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    Not the time for facetime

    Clemson University Athletic Department has admitted to breaching 15 NCAA regulations—one of which directly involves Head Football Coach Dabo Swinney, and another two that involve his nationally ranked program.
    Each of the 15 violations occurred in the time period between August 2015 and July 31,2016.
    None of violations circumvented what the NCAA classifies as a “Level I” infraction, or “a severe breach of conduct.”
    In the disclosure the University released to the The Associated Press last Tuesday, all the violations except for one were cataloged as “Level III” offenses. These types of incidents are described on the NCAA website as “isolated” and “provide no more than a minimal recruiting, competitive, or other advantage.”
    Swinney’s own isolated incident was an “accidental” FaceTime call made to a prospective new athlete. Coaches are banned from contacting potential recruits until September 1, as stated by NCAA regulation.
    Because of the incident, football staff cannot contact any potential recruits from September 1 to September 15 this year.
    The football program was also held responsible for two other violations.
    The first occurred in October 2015, when two players dropped a one-credit hour, eight-week engineering course and lost their status as full-time students.
    Because the NCAA requires all athletes to be enrolled as full-time students, the University paid a fine of $500 and announced the athletes ineligible. The NCAA later lifted the athlete’s ban.
    The third football infraction concerned a mathematical error.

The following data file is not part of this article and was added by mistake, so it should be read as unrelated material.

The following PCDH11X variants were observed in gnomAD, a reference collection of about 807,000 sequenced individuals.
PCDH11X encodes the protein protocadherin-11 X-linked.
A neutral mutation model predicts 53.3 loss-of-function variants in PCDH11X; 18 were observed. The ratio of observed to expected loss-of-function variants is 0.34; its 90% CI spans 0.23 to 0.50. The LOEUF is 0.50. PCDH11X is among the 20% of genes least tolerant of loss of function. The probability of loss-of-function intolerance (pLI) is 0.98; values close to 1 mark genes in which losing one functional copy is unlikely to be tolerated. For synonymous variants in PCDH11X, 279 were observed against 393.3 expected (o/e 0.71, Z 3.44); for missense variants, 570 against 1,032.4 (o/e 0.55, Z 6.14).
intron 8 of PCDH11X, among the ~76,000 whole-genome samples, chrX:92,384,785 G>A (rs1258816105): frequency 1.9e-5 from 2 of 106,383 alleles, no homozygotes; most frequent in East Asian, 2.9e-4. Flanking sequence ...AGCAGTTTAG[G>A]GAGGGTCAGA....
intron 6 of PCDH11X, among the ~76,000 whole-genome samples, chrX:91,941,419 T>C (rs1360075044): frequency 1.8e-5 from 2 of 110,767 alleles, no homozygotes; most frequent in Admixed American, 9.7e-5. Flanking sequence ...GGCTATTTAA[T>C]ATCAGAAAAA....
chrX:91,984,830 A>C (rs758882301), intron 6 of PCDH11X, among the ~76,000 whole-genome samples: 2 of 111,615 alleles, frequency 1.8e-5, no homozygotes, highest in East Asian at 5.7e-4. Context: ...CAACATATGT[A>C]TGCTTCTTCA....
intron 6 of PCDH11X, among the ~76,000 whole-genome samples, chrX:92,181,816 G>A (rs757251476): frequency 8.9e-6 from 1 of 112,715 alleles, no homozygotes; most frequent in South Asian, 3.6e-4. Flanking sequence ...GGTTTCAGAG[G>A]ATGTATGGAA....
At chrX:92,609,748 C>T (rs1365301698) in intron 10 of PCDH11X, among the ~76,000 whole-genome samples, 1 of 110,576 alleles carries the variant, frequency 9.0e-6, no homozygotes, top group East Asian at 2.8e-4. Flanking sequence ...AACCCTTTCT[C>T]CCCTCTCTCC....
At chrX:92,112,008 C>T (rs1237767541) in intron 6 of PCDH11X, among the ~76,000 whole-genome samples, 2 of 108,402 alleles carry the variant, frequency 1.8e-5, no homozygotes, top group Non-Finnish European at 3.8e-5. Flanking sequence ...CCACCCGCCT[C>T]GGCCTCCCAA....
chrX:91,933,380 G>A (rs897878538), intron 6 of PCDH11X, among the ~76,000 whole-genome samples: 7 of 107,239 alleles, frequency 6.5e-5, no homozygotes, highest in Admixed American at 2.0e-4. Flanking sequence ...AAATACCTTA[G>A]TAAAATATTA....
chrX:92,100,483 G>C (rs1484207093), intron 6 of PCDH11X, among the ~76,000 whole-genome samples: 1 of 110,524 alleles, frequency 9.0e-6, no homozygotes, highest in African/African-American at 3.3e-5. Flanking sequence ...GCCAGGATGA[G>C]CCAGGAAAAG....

In January, the staff was accused of handing out excess travel compensation to prospective new athletes. The school said the program had made a mistake, thinking they could round the reimbursement up to the nearest dollar. The consequence was a reprimand letter.
    Other infractions involved the men’s golf and baseball program.  
    Last August, the assistant coach of the Clemson men’s golf team recruited an outside consultant to privately train two of their players. The consultant also hosted a practice for the whole team.
    Following the infraction, the men’s golf team was banned from the green and any other athletic activity for three weeks.
    Baseball Coach Lee Monte picked up a similar infraction to Swinney’s.
    Monte mistakenly contacted a prospective student-athlete before September 1 of the player’s junior year of high school. When informed that the player was set to graduate in 2018 and not in 2017 like Monte had suspected, the school said the baseball coach reported himself and halted all communication with the potential athlete.
    The baseball program—like football— now has a ban from contacting prospects until September 15.
    Stephanie Ellison, Clemson’s Assistant Athletic Director said that the majority of the incidents were self-reported, and that the infraction report showed Clemson’s “healthy culture of compliance.”
    “As a department, we will continue to educate our constituents on the rules and regulations of the NCAA. However, it is unrealistic to think all violations will go away,” said Ellison, “We encourage our staff to report all violations regardless of how small or insignificant they may appear.”

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